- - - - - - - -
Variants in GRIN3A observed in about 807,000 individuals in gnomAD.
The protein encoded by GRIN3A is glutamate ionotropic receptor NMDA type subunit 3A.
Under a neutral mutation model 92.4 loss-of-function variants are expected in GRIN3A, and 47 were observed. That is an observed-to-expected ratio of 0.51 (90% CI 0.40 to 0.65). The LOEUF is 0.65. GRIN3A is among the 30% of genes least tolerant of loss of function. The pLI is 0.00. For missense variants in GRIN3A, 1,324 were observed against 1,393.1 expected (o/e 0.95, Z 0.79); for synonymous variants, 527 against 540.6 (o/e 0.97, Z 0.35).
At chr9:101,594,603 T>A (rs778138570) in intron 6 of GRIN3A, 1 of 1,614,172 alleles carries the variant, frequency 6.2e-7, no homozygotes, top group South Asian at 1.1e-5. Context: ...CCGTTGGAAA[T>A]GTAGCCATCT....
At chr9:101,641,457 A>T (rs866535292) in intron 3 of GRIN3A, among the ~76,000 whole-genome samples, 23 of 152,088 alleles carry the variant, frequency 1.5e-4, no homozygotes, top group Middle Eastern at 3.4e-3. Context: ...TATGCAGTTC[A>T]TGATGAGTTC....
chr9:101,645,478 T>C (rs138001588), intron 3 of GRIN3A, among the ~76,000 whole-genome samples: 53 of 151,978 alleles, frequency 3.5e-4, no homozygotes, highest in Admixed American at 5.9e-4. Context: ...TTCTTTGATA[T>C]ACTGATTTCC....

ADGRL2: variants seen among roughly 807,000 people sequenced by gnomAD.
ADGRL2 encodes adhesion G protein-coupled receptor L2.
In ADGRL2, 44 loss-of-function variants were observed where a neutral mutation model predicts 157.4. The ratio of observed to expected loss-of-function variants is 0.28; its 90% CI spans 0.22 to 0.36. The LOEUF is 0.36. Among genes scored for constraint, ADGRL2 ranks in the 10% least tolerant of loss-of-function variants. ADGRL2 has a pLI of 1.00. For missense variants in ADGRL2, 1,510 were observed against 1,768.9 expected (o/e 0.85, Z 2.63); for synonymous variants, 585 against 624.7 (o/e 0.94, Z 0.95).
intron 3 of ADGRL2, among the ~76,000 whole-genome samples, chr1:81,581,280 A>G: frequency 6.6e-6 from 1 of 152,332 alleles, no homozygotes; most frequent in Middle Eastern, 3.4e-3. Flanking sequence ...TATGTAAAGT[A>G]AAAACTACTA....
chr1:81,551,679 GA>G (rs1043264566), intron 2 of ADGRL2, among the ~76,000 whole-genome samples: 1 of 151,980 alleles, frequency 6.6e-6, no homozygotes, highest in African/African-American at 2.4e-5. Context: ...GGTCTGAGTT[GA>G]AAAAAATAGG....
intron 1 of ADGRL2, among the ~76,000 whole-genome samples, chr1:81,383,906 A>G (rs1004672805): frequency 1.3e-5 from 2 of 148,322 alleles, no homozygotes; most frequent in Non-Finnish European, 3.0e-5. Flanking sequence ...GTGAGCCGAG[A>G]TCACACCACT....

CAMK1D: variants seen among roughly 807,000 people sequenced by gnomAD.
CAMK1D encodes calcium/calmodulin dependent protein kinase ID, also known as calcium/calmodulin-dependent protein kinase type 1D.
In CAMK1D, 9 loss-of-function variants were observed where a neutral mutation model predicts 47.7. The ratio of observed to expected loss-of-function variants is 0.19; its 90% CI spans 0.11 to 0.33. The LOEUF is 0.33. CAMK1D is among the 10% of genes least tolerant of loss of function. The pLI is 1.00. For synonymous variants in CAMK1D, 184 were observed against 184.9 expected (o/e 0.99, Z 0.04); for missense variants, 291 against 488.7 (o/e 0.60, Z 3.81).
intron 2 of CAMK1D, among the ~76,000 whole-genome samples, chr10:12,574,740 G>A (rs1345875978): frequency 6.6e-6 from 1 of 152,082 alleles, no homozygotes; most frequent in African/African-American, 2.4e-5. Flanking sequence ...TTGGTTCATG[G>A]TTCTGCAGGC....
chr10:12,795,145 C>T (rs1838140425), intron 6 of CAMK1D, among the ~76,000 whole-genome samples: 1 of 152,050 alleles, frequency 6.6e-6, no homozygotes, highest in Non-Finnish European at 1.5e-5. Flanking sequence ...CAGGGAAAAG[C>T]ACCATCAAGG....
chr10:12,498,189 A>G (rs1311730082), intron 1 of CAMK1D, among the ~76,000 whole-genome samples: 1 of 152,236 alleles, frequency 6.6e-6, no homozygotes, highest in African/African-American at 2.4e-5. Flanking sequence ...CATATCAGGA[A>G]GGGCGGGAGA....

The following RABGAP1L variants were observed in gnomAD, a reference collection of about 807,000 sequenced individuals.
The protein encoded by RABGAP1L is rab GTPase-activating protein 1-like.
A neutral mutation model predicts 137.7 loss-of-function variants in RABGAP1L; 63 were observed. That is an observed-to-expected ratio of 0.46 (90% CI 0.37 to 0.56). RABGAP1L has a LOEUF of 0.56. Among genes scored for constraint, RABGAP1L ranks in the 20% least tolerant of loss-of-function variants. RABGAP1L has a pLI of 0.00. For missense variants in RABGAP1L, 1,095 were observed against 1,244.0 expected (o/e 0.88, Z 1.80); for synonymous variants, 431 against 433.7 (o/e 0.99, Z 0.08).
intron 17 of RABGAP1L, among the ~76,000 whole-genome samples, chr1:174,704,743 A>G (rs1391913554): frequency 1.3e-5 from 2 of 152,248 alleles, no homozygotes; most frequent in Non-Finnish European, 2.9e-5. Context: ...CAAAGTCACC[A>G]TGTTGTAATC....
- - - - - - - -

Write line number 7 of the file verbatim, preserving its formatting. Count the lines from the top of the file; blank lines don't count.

ADGRL2: variants seen among roughly 807,000 people sequenced by gnomAD.